We recommend that you mark the default language on string resource files (such as "en-US\resources.resw") and the default scale factor on images (such as "logo.scale-100.png"), even if you do not currently plan to provide localized or multiple resolution resources. However, at a minimum, we recommend that you provide assets for 100, 200, and 400 scale factors.

Important

The app icon used in the title area of the Cortana canvas is the Square44x44Logo icon specified in the "Package.appxmanifest" file.

You can also specify an icon for each result tile for a user query. Valid image sizes for results icons are:

  • 68w x 68h
  • 68w x 92h
  • 280w x 140h

Result tile templates

A set of templates are provided for the result tiles displayed on the Cortana canvas. Use these templates to specify the tile title and whether the tile includes text and a result icon image. Each tile can include up to three lines of text and one image, depending on the template specified.

Here are the supported templates (with examples):

Name Example
Title only Title only
Title with text Title with text
Title with 68x68 icon no image
Title with 68x68 icon and text Title with 68x68 icon and text
Title with 68x92 icon no image
Title with 68x92 icon and text Title with 68x92 icon and text
Title with 280x140 icon no image
Title with 280x140 icon and text Title with 280x140 icon and text

See VoiceCommandContentTileType for more info on Cortana templates.

Example

This example demonstrates an end-to-end task flow for a background app in Cortana. We're using the Adventure Works app to cancel a trip to Las Vegas. This example uses the "Title with 68x68 icon and text" template.

end to end cortana background app flow

Here are the steps outlined in this image:

  1. The user taps the microphone to initiate Cortana.
  2. The user says "Cancel my Adventure Works trip to Vegas" to launch the Adventure Works app in the background. The app uses both Cortana speech and canvas to interact with the user.
  3. Cortana transitions to a handoff screen that gives the user acknowledgment feedback ("I'll get Adventure Works on that."), a status bar, and a cancel button.
  4. In this case, the user has multiple trips that match the query, so the app provides a disambiguation screen that lists all the matching results and asks, “Which one do you wanna cancel?”
  5. The user specifies the "Vegas Tech Conference" item.
  6. As the cancellation cannot be undone, the app provides a confirmation screen that asks the user to confirm their intent.
  7. The user says "Yes".
  8. The app then provides a completion screen that shows the result of the operation.

We explore these steps in more detail here.

Handoff

end to end: find trip no handoff screen
Find trip no handoff screen
end to end: cancel trip with handoff screen
Cancel trip with handoff screen  

Tasks that take less than 500ms for your app to respond, and require no additional information from the user, can be completed without further participation from Cortana, other than displaying the completion screen.

If your application requires more than 500ms to respond, Cortana provides a handoff screen. The app icon and name are displayed, and you must provide both GUI and TTS handoff strings to indicate that the voice command was correctly understood. The handoff screen will be shown for up to 5 seconds; if your app doesn't respond within this time, Cortana presents a generic error screen.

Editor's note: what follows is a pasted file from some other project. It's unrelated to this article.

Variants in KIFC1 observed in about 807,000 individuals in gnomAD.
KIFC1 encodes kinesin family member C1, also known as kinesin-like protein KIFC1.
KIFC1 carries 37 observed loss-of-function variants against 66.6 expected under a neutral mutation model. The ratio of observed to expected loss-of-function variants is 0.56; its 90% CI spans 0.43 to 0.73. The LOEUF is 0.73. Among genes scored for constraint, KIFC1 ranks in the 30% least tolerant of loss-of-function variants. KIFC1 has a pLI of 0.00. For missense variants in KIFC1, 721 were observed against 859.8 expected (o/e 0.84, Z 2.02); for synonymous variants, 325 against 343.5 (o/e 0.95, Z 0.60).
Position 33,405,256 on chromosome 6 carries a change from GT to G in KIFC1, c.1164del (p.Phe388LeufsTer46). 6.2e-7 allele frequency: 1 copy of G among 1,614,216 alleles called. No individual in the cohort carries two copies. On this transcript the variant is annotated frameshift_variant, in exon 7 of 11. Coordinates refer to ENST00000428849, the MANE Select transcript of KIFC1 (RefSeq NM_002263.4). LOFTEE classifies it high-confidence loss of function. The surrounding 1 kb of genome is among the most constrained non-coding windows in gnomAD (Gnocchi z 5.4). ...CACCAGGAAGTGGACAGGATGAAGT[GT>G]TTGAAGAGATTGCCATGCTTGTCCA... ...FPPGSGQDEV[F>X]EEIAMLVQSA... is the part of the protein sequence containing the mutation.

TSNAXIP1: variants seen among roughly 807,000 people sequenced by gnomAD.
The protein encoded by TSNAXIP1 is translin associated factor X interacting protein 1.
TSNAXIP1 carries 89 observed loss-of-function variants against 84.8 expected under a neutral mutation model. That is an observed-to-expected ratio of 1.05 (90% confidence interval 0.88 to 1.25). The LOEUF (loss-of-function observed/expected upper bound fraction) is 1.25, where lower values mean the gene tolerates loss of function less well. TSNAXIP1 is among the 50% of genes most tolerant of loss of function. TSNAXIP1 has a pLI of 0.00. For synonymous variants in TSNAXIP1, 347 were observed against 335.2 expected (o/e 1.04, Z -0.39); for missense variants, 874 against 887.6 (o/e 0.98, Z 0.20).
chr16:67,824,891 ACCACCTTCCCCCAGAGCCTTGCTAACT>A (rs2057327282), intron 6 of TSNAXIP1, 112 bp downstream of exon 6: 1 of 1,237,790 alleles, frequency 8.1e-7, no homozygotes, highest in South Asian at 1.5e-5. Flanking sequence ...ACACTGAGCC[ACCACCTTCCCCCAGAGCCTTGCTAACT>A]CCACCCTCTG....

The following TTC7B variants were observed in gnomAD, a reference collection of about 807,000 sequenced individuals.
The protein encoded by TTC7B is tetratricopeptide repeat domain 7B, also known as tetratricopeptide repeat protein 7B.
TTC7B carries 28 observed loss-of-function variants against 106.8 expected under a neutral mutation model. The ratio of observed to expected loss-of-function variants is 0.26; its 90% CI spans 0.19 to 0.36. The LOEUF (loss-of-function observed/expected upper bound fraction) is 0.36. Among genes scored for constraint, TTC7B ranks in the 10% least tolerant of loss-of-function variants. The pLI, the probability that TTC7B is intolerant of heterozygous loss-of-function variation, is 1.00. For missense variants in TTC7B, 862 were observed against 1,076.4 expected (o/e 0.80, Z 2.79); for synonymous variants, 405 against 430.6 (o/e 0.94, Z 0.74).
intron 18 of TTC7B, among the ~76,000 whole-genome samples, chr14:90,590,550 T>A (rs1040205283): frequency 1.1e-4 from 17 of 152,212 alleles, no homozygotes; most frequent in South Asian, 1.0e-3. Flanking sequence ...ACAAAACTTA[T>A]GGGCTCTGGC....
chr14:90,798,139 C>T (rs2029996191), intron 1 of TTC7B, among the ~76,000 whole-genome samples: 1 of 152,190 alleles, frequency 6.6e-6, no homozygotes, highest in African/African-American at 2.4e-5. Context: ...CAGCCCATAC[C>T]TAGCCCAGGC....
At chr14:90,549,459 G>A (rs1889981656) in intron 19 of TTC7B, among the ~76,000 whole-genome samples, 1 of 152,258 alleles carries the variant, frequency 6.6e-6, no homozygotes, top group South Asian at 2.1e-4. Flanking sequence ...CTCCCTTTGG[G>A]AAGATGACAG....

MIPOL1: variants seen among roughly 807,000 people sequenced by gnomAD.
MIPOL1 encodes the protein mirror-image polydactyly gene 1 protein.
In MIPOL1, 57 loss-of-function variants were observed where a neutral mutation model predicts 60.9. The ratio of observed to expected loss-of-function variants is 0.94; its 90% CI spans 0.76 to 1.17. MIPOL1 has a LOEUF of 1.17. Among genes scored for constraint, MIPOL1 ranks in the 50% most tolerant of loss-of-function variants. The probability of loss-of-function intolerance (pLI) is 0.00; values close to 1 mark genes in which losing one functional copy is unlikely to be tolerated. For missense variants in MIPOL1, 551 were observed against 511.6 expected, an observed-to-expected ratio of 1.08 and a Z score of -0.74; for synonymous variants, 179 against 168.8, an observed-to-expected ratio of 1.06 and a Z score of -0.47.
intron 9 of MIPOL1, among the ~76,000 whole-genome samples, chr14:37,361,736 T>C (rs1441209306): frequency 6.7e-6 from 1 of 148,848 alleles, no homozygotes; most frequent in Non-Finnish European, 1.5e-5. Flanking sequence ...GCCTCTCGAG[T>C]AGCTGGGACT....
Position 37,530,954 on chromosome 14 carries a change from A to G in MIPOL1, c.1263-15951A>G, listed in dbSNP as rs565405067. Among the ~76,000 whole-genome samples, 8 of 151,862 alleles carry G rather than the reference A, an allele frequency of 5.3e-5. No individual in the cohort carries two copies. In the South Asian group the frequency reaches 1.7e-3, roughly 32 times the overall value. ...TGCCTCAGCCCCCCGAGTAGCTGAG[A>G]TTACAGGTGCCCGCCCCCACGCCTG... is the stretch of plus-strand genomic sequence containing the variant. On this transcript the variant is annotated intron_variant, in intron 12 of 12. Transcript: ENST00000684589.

GUI and TTS guidelines for handoff screens

Clearly indicate that the task is in progress.

Use present tense.

Use an action verb that confirms what task is initiating and reference the specific entity.

Use a generic verb that doesn't commit to the requested, incomplete action. For example, "Looking for your trip" instead of "Canceling your trip". In this case, if no results are returned the user doesn't hear something like "Cancelling your trip to Las Vegas… I couldn’t find a trip to Las Vegas".

Be clear that the task hasn’t already taken place if the app still needs to resolve the entity requested. For example, notice how we say “Looking for your trip” instead of “Cancelling your trip” because zero or more trips can be matched, and we don’t know the result yet.

The GUI and TTS strings can be the same, but don’t need to be. Try to keep the GUI string short to avoid truncation and duplication of other visual assets.

TTS GUI
Looking for your next Adventure Works trip. Looking for your next trip…
Searching for your Adventure Works trip to Falls City. Searching for trip to Falls City...

Progress

end to end: cancel trip with progress screen
Cancel trip with progress screen  

When a task takes a while between steps, your app needs to step in and update the user on what’s happening on a progress screen. The app icon is displayed, and you must provide both GUI and TTS progress strings to indicate that the task is underway.

You should provide a link to your app with launch parameters to start the app in the appropriate state. This lets the user view or complete the task themselves. Cortana provides the link text (such as, "Go to Adventure Works").

Progress screens will show for 5 seconds each, after which they must be followed by another screen or the task will time out.

These screens can follow a progress screen:

  • Progress
  • Confirmation (explicit, described later)
  • Disambiguation
  • Completion

GUI and TTS guidelines for progress screens

Use present tense.

Use an action verb that confirms the task is underway.

GUI: If the entity is shown, use a reference to it ("Cancelling this trip…"); if no entity is shown, explicitly call out the entity ("Cancelling 'Vegas Tech Conference'").